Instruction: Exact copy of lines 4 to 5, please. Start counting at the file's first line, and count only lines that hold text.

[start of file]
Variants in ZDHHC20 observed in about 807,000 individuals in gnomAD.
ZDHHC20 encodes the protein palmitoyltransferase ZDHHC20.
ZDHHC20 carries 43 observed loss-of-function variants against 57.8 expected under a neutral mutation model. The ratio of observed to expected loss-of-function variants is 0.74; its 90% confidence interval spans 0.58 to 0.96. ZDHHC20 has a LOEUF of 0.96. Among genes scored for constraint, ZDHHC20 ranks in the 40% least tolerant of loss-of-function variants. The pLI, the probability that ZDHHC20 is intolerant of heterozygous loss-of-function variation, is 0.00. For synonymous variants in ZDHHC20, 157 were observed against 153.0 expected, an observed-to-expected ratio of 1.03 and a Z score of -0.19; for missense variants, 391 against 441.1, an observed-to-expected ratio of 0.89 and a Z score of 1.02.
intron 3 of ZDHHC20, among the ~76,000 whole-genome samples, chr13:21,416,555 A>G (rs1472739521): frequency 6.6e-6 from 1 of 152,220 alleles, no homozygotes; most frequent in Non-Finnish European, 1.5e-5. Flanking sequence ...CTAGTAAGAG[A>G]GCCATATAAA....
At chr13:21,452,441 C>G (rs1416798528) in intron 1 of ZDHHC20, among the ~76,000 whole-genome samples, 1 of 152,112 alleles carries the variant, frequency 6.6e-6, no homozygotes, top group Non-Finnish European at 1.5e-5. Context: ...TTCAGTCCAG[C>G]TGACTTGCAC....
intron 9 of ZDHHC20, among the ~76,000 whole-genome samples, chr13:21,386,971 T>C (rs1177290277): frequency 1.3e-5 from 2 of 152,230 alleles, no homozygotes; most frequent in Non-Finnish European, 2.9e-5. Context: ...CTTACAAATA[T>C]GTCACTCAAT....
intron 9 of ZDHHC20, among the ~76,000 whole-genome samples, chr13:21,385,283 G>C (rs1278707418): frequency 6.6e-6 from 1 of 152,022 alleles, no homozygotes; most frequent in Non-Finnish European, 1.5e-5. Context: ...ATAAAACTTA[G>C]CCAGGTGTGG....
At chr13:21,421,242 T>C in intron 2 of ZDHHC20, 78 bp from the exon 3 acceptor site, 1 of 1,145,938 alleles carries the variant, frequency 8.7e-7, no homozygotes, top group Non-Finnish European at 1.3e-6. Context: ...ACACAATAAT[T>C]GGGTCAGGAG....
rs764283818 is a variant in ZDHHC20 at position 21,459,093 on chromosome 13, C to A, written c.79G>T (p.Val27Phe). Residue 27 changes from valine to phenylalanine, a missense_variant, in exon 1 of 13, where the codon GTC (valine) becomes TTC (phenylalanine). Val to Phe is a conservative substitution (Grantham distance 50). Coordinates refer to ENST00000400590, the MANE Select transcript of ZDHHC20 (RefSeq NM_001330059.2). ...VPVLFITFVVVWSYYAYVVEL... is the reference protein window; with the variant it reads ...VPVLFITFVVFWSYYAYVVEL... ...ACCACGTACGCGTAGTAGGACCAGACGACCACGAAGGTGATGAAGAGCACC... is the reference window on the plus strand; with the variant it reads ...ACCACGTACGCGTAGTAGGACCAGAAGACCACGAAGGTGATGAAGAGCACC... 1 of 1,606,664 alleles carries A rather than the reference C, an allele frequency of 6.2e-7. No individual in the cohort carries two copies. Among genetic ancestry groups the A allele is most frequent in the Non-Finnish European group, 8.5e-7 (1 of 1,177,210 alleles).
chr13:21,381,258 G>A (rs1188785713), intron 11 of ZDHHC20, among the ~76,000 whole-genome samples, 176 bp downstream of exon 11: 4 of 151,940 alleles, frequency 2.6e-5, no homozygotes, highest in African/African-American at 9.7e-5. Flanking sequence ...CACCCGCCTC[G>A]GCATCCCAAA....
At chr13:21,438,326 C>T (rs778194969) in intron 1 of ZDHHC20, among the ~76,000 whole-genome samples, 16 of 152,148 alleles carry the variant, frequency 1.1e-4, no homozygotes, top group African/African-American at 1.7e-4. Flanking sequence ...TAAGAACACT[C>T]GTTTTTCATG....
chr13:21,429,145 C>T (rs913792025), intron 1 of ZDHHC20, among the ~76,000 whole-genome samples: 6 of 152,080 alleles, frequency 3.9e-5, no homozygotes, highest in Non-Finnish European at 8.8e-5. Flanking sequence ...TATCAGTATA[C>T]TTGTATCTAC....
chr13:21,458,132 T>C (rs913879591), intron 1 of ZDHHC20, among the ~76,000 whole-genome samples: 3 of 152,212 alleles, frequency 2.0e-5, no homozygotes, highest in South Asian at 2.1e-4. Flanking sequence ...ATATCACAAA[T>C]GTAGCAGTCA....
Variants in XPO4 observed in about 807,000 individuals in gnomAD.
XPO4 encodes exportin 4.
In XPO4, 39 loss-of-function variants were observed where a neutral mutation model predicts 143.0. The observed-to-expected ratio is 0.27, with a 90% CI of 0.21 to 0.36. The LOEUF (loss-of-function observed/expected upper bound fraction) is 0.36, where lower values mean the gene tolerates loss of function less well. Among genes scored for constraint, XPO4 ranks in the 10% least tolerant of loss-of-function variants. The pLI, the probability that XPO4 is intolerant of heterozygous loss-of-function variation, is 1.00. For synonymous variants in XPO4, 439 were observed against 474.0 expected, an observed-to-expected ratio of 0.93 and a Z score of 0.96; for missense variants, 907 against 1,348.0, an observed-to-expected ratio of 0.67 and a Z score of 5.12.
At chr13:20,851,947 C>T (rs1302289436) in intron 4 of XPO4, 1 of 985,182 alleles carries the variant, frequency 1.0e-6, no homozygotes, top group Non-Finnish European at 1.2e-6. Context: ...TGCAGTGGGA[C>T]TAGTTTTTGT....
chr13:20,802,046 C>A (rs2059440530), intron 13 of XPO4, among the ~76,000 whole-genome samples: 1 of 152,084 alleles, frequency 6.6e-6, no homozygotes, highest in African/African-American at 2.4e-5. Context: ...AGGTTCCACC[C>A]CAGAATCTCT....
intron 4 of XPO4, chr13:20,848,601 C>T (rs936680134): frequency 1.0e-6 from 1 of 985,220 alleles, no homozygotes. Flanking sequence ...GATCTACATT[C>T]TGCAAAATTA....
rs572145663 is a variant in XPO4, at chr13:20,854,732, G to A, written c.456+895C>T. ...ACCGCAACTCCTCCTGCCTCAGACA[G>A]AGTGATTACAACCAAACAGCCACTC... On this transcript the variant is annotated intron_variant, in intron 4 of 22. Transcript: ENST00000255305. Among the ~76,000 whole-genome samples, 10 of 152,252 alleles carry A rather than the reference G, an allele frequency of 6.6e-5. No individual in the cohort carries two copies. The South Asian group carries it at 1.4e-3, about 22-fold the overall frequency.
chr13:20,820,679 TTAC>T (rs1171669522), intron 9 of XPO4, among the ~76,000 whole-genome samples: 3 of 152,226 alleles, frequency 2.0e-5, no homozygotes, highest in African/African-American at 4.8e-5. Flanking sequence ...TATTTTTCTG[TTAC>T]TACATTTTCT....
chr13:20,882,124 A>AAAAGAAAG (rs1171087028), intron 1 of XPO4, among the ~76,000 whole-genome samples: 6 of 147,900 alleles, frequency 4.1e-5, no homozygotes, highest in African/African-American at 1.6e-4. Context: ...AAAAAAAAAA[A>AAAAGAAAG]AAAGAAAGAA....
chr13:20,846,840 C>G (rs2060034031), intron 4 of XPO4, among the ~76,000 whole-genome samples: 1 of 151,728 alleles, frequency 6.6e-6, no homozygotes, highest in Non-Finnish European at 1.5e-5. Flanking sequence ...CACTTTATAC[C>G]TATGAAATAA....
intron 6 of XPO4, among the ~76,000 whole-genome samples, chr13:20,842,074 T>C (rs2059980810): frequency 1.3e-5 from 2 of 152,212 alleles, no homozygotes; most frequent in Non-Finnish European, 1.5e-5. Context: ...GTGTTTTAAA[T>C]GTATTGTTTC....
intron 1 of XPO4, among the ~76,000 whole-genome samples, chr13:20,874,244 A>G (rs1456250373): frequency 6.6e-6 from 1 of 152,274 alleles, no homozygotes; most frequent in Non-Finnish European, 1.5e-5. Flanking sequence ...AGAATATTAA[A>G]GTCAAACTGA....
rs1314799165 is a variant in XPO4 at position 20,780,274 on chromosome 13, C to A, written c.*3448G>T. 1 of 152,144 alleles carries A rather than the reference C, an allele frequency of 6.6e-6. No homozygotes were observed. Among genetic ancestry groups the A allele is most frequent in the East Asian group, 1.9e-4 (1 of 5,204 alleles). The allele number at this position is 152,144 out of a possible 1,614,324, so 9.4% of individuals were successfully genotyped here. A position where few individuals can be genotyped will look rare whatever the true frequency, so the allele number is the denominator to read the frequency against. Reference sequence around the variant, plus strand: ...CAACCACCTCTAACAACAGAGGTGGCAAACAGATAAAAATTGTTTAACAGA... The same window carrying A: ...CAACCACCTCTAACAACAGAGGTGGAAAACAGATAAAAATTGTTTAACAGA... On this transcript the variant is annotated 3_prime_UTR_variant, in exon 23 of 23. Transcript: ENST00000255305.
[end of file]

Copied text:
intron 3 of ZDHHC20, among the ~76,000 whole-genome samples, chr13:21,416,555 A>G (rs1472739521): frequency 6.6e-6 from 1 of 152,220 alleles, no homozygotes; most frequent in Non-Finnish European, 1.5e-5. Flanking sequence ...CTAGTAAGAG[A>G]GCCATATAAA....
At chr13:21,452,441 C>G (rs1416798528) in intron 1 of ZDHHC20, among the ~76,000 whole-genome samples, 1 of 152,112 alleles carries the variant, frequency 6.6e-6, no homozygotes, top group Non-Finnish European at 1.5e-5. Context: ...TTCAGTCCAG[C>G]TGACTTGCAC....